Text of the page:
Economics Department
Course Syllabus

Course title: Money and Banking (50:220, 301:90, Index number 11845 (ONLINE COURSE)    

Prerequisites:  Principles of Macroeconomics and Microeconomics 

Day Time Place: ONLINE

Instructor: Robert Vaden  

Phone: 856-582-9325       

Email: robert.vaden@rutgers.edu

Catalog Description: Theories of money and their applications; structure and historical development of U.S. monetary and banking institutions; current problems of money management.    

Course Overview: The course will cover the structure and performance of the nation’s financial system, the evolving role of the Federal Reserve, and the role of money and interest rates in today’s economy. Issues related to the definition and measurement of the nation’s money supply will be discussed as will be the importance of an efficient and sound financial system. The changing structure and regulation of the nation’s financial system as well as the challenges faced by the financial system will also be covered.  Special emphasis will be placed on the more recent performance of the nation’s financial system in the period leading up to the “Great” recession and in the subsequent recovery which is still continuing.   

Special emphasis will be placed on monetary policy as a tool to  manage the economy. In this context, we will extensively cover many issues related to the Federal Reserve and the  Congressional mandate which defines the responsibilities of the Federal Reserve. We will also discuss the key economic and political challenges currently facing the institution today.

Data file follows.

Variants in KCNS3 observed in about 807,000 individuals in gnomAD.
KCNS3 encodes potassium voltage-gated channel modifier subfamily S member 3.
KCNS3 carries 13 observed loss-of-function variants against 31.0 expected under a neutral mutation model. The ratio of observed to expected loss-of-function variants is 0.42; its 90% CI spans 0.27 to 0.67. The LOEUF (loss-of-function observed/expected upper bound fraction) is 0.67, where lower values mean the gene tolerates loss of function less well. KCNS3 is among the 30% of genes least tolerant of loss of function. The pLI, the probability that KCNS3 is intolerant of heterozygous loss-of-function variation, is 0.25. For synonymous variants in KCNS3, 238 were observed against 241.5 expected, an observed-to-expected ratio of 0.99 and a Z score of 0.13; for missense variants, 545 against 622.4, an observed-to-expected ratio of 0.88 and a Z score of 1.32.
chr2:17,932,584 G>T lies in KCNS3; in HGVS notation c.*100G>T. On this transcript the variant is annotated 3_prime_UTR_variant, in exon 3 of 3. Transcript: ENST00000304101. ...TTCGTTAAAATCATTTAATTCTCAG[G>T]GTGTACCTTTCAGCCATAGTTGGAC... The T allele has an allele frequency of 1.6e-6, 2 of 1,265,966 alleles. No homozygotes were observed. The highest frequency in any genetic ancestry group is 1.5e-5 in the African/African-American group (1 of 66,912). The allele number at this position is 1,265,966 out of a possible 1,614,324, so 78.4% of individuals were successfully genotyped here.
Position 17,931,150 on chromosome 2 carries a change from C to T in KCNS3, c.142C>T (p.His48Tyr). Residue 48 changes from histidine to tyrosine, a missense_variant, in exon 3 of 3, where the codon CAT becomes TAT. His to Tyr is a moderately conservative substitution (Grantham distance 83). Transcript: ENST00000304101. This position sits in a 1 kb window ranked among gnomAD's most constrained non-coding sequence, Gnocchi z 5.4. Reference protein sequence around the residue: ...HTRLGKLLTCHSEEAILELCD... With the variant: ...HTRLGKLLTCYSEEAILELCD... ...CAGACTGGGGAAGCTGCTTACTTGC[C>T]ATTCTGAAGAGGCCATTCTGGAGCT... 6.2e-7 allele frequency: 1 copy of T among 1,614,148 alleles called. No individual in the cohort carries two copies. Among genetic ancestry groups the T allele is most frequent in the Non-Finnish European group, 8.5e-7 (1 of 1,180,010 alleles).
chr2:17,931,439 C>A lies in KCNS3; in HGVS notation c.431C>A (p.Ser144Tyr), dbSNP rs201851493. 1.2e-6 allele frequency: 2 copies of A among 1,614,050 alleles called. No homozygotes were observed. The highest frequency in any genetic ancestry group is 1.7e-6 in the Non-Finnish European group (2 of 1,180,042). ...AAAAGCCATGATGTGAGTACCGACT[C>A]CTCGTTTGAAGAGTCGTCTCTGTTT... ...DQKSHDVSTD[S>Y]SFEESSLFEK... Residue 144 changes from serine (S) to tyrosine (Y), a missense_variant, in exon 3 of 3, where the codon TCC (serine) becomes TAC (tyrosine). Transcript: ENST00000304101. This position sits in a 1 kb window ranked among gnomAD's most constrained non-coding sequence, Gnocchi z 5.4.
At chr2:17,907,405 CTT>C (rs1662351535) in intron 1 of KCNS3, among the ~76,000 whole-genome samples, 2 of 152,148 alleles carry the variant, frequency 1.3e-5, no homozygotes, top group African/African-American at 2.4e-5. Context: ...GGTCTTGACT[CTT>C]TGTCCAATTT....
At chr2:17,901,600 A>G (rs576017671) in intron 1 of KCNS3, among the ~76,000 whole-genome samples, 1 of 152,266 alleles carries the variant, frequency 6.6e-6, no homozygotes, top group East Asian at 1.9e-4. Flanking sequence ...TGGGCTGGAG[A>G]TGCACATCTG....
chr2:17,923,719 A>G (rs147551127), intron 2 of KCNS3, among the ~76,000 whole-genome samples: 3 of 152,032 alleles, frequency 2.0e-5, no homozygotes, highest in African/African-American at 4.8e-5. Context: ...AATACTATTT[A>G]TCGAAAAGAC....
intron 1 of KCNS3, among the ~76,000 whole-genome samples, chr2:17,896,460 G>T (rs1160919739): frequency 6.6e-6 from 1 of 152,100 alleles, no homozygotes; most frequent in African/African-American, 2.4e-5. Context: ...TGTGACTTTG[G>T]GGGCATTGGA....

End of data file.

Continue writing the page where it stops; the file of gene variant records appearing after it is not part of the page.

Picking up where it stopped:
Required Text: The Economics of Money, Banking & Financial Markets by Frederic Mishkin. Pearson, Eleventh Edition.

Recommended Reading: The student should supplement the text with readings from the Wall Street Journal and the The Economists (a British weekly) as time permits. The Federal Reserve’s minutes from the meetings of the Federal Open Market Committee (FOMC) are also informative. Links to key websites of the Federal Reserve will be provided.         

Federal Reserve Bank of Philadelphia: The Federal Reserve Bank of Philadelphia has an exhibition called “Money in Motion”. The exhibition is interactive and has much information that is useful in a money and banking Course. The exhibition is free, open to the public, and highly recommended. 

Course Objectives:

  •  Introduce the student to the role of money, the financial system, interest rates, and the central bank in a modern economy.